Cyclic nucleotide-gated (CNG) channels play essential roles in the transduction of visual and olfactory information. They sense variations in the intracellular concentration of cyclic nucleotides that occur in response to visual or olfactory stimuli. CNG channels coassemble as tetramers of homologous subunits, each containing six transmembrane segments (TM), a positively charged TM4 and a reentry P-region between TM5 and TM6, suggesting that CNG channels belong to the same superfamily of voltage-activated cation channels. Improper targeting of membrane proteins causes many diseases. Often point mutations to cysteine hinder the delivery of membrane proteins to the cell surface, or to the correct side of polarized cells 8,9. Because cysteine is a readily reactive amino acid, in principle it should be possible to recover proper trafficking by modifying its chemical structure in order to mimic the side chain of the wild type amino acid. As a proof of principle, we have studied two naturally occurring cysteine mutations in a CNG channel (CNGA3) responsible for hereditary cone photoreceptor disorders: Y181C linked to incomplete achromatopsia and R277C linked to complete and incomplete achromatopsia or cone dystrophy. We have chosen these mutations because proper surface CNG channel expression can be easily assayed using electrophysiological techniques, and because both mutations, which cause channel retention in the endoplasmic reticulum (ER), change wild type amino acids of drastically different chemistries. CNG channels open a cationic selective permeation pathway in response to intracellular cyclic nucleotides. Functional homotetramers can be formed by the CNGA1, A2 or A3 subunits, and these channels are usually studied as homotetramers in heterologous systems. We have introduced both achromatopsia-related cysteines in a cysteine-less CNGA1 channel, and used them as a target for specific chemical modification with hydroxybenzyl- (MTSHB) and aminoethyl-methanethiosulfonate (MTSEA). These reagents readily attach to the side chain of cysteines and mimic the chemistry of tyrosine and arginine, respectively. Although Y181C and R277C caused ER retention, after chemical modification we successfully restored both trafficking and normal function to CNGA1 mutant channels R272C and Y176C. Maturation of any protein is a complex, multi-step process involving a network of intracellular proteins and organelles. Surely, all genetic mutations leading to defective maturation cannot be repaired by a single strategy. Thus far, a variety of experimental approaches have been shown to recover proper maturation. For example, cell surface expression of mutant HERG and CNGA3 channels, as well as deficient lysosomal glucocerebrosidase, can be restored simply by lowering the temperature of incubation. Based on their ability to stabilize proper folding conformations in the ER, drugs and lipid chaperones are emerging as new strategies to restore protein maturation. As with other rescue methods, ours has disadvantages: it is restricted to cysteine mutants and it is not specific since MTS reagents will modify any accessible cysteine in a protein. Nevertheless, outside of therapeutics, this method has applications that could, in principle, offer relevant structural and functional information about diseases. For example, it could be used to better understand the chemical nature of the protein folding failure since many different MTS reagents are available that attach moieties resembling different amino acid side chains. Another potential use could be for kinetic studies of folding. For example, if a cysteine mutation impairs proper folding, modification reactions by MTS reagents are sufficiently fast to permit the temporal resolution of downstream conformational changes, providing kinetic information on folding steps. A third application we envision is to use the disease related mutant in the same way that biophysicists use engineered cysteines as a tool to study state dependent accessibility. This will provide information of conformational changes at the site of the cysteine mutation. We also study the gating mechanisms of transporters, like the Na/K-ATPase. This enzyme, a member of the P-type family (named for their phosphorylated intermediates), harnesses the energy from the hydrolysis of one ATP to alternately export 3Na ions and import 2K ions against their electrochemical gradients. By performing this active transport, the Na/K pump plays an essential role in the homeostasis of intracellular Na and K that is crucial to sustaining cell excitability, volume, and Na-dependent secondary transport. On the basis of biochemical data accumulated during the decade following its discovery, the Na/K-ATPase was proposed to alternately transport Na and K ions according to a model known as the Post-Albers scheme. As ions are transported through the Na/K pump, they become temporarily occluded within the protein, inaccessible from either side, before being released. By restricting Na/K pumps to only the reversible transitions associated with deocclusion and extracellular release of Na+, it is possible to detect pre-steady state electrical signals accompanying those transitions. The signals arise because Na+ traverse a fraction of the membrane potential as they enter or leave their binding sites deep within the pump. At a fixed membrane potential and external sodium concentration, the populations of pumps with empty binding sites, and those with bound or occluded Na, reach a steady-state distribution. A sudden change of membrane voltage then shifts the Na-binding equilibrium, and initiates a redistribution of the pump populations towards a new steady state. The consequent change in Na-binding-site occupancy causes Na to travel between the extracellular environment and the pump interior. In so doing they generate a current. As the system approaches a new steady distribution, fewer Na move, and the current declines. The electrical signals therefore appear as transient currents. Using the squid giant axon preparation, which exploits axial current delivery to generate very fast membrane voltage steps, we previously identified three phases of relaxation in transient pump currents (Holmgren et al., 2000): fast (comparable to the voltage-jump time course), medium-speed (tm 0.2-0.5 ms), and slow (ts 1-10 ms). We suggested that each phase reflects a distinct Na-binding event (or release, depending on the direction of the voltage change) with its associated conformational transition (occlusion or deocclusion). In other words, the Na/K-ATPase undergoes dynamic rearrangements that open external gates to allow bound Na access to the extracellular environment immediately prior to release. We would like to understand how these gates operate, the precise dynamic relationships between the three events that release individual Na+ from the Na/K-ATPase, the thermodynamic principles that govern these conformational changes, the structural movements underlying these events, as well as the type of structural dynamics associated with them.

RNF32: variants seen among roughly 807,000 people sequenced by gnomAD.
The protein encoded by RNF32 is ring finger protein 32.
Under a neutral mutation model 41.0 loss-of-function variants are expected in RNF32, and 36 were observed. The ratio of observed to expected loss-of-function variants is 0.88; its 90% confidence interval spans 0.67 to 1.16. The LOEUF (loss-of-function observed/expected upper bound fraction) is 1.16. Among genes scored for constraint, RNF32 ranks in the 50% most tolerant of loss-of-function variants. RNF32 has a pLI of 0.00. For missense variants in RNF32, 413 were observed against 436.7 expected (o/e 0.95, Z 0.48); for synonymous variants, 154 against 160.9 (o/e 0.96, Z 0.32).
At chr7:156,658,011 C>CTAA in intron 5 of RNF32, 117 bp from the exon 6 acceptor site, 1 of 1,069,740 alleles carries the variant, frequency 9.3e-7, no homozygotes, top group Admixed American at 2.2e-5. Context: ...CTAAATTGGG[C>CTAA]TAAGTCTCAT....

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Bocksteins, Elke; Snyders, Dirk J; Holmgren, Miguel (2017) Independent movement of the voltage sensors in KV2.1/KV6.4 heterotetramers. Sci Rep 7:41646
Miranda, Pablo; Giraldez, Teresa; Holmgren, Miguel (2016) Interactions of divalent cations with calcium binding sites of BK channels reveal independent motions within the gating ring. Proc Natl Acad Sci U S A 113:14055-14060
Castillo, Juan P; Rui, Huan; Basilio, Daniel et al. (2015) Mechanism of potassium ion uptake by the Na(+)/K(+)-ATPase. Nat Commun 6:7622
Sánchez-Rodríguez, Jorge E; Khalili-Araghi, Fatemeh; Miranda, Pablo et al. (2015) A structural rearrangement of the Na+/K+-ATPase traps ouabain within the external ion permeation pathway. J Mol Biol 427:1335-44
Venkataraman, Gaurav; Srikumar, Deepa; Holmgren, Miguel (2014) Quasi-specific access of the potassium channel inactivation gate. Nat Commun 5:4050
Oelstrom, Kevin; Goldschen-Ohm, Marcel P; Holmgren, Miguel et al. (2014) Evolutionarily conserved intracellular gate of voltage-dependent sodium channels. Nat Commun 5:3420
Miranda, Pablo; Contreras, Jorge E; Plested, Andrew J R et al. (2013) State-dependent FRET reports calcium- and voltage-dependent gating-ring motions in BK channels. Proc Natl Acad Sci U S A 110:5217-22
Lopez-Rodriguez, Angelica; Holmgren, Miguel (2012) Restoration of proper trafficking to the cell surface for membrane proteins harboring cysteine mutations. PLoS One 7:e47693
Gadsby, David C; Bezanilla, Francisco; Rakowski, Robert F et al. (2012) The dynamic relationships between the three events that release individual Na? ions from the Na?/K?-ATPase. Nat Commun 3:669
Galarza-Muñoz, Gaddiel; Soto-Morales, Sonia I; Holmgren, Miguel et al. (2011) Physiological adaptation of an Antarctic Na+/K+-ATPase to the cold. J Exp Biol 214:2164-74